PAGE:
WASHINGTON -- Firestone's chief executive formally apologized to Congress Wednesday for tire failures that have killed scores of people, but the company ran into withering criticism for withholding information that might have saved lives.
At the first joint public appearance of the key players in the Firestone drama, Bridgestone/Firestone CEO Masatoshi Ono and his counterpart at Ford, Jac Nasser, provided a demonstration of high-stakes damage control by two global corporations.
"I come before you to apologize to you, the American people and especially to the families who have lost loved ones in these terrible rollover accidents," Ono said. "I also come to accept full and personal responsibility ... for the events that led to this hearing."
But the two executives failed to satisfy their questioners. One senator said the Firestone and Ford explanations "strain credulity." Many lawmakers said they have concluded that the nation's warning system for alerting consumers to auto safety problems, which hinges on cooperation between manufacturers and federal regulators, is broken and in need of an overhaul.
Not since the 1996 Valujet crash in Florida has an industry -- and the federal regulators who monitor it -- come under such intense scrutiny.
"We have to ask ourselves why we are in this mess and what can we do to make sure this never happens again," said Rep. W.J. "Billy" Tauzin, R-La., who chaired the House hearing.
The hearing marked the first attempt by Congress to grapple with the policy implications of the Firestone recall. Lawmakers said reforms could range from criminal penalties for auto companies that fail to report problems, to upgrading 30-year-old tire safety standards that predate radials, to launching a major federal effort to reduce the risk of rollover crashes for sport utility vehicles. Sorting out the ideas and enacting some of them into law could take months.
Last month, Firestone voluntarily recalled 6.5 million 15-inch ATX, ATX II and Wilderness AT tires used mainly on Ford Explorers. The companies had known of problems for several years, but did not alert federal safety agencies. Even as Ford was recalling tires last year on vehicles sold overseas, American consumers were being killed in crashes attributed to failures of the same tire models.
Even pro-business Republicans were chagrined. "It's obvious to me there was a concealment of information that should have been brought out to the public," said Sen. Richard Shelby, R-Ala., who is regarded as an ally of the auto industry in battles with federal regulators.
Safety officials at the National Highway Traffic Safety Administration received a stern tongue-lashing for ignoring repeated efforts by State Farm Insurance to warn them of problems as early as 1998. "The federal government's highway safety watchdog apparently was asleep," said House Commerce Committee Chairman Thomas Bliley, R-Va.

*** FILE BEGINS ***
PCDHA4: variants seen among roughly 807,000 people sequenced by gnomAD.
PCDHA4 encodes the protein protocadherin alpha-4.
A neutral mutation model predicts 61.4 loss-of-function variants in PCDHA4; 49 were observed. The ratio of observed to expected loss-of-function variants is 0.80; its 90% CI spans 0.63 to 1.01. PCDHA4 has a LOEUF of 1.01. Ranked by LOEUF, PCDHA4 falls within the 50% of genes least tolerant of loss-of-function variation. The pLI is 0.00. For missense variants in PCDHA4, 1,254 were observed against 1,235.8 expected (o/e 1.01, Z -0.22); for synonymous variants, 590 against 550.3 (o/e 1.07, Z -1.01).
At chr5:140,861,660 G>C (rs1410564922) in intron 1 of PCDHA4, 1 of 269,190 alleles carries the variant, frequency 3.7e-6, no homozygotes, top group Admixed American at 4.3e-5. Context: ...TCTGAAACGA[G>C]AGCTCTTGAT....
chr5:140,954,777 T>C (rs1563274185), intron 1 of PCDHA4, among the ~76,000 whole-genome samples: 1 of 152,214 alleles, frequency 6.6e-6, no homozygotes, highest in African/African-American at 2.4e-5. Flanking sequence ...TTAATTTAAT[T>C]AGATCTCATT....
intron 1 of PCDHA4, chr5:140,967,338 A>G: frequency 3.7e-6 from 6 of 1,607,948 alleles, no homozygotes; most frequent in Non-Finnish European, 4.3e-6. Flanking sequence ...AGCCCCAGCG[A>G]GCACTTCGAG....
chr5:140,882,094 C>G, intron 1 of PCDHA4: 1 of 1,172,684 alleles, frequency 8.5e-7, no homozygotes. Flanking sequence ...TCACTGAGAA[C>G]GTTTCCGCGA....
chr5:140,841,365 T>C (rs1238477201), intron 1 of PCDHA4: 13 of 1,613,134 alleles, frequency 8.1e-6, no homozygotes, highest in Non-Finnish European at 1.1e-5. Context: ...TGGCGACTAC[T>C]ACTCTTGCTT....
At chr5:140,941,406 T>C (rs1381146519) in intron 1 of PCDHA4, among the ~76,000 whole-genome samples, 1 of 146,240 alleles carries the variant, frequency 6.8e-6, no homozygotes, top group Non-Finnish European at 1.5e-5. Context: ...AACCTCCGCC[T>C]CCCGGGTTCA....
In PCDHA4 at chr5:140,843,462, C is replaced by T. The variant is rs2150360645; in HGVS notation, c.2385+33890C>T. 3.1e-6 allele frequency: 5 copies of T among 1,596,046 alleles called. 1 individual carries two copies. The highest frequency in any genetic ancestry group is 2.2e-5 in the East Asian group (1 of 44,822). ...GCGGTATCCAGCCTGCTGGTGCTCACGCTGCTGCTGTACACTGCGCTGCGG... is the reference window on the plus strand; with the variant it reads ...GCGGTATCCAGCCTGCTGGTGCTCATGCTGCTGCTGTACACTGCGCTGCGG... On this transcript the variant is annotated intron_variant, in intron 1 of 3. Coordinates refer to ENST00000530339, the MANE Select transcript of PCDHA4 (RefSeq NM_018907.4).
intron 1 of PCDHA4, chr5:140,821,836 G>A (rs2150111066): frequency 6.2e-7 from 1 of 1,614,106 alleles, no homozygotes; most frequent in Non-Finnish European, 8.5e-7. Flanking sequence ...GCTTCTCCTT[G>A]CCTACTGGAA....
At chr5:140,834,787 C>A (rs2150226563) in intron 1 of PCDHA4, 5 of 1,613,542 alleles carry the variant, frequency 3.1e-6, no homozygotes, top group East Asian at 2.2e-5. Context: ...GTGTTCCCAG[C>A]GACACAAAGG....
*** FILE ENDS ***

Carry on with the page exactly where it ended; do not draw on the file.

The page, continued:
The agency began an inquiry in May after television station KHOU in Houston reported on a number of Explorer rollover crashes linked by the common denominator of a Firestone tire that had lost its treads.
Samuel Boyden, a safety research specialist with State Farm, said in a statement he had provided NHTSA with more than 70 tire failure cases dating back to 1996. Boyden said he e-mailed the first report in 1998, and followed up in two telephone conversations the next year.
Newly appointed NHTSA Administrator Susan Bailey said her agency failed to follow up on the State Farm alert because the problem was not recognized as a major one. She said the agency has no record of Boyden's telephone updates in 1999.
For Ono and Nasser, the congressional appearance was a command performance. When Nasser initially indicated last week that he would send subordinates to answer lawmakers' questions, a sharp rebuke from Tauzin prompted him to quickly change his mind.
On Wednesday, Nasser sought to distance Ford from what he termed a "a tire issue, not a vehicle issue." Explorers with Goodyear tires have not experienced similar problems, he said.
"I am deeply troubled by the fact that there are defective tires on some of our vehicles," Nasser said in a statement. "Firestone manufactured and warranted these tires." He said the problem was uncovered only because Ford kept probing Firestone's data.
Ono, 63, known as a courtly Japanese executive who values privacy, spoke in dignified tones as he struggled with some of his English pronunciations. "I have never made a public appearance like this before," he told senators, "so I am more than a little nervous."
Ono said Firestone has not yet been able to identify the fundamental cause of the tire failures. He said the company will retain an independent expert to evaluate all issues arising from the recall.
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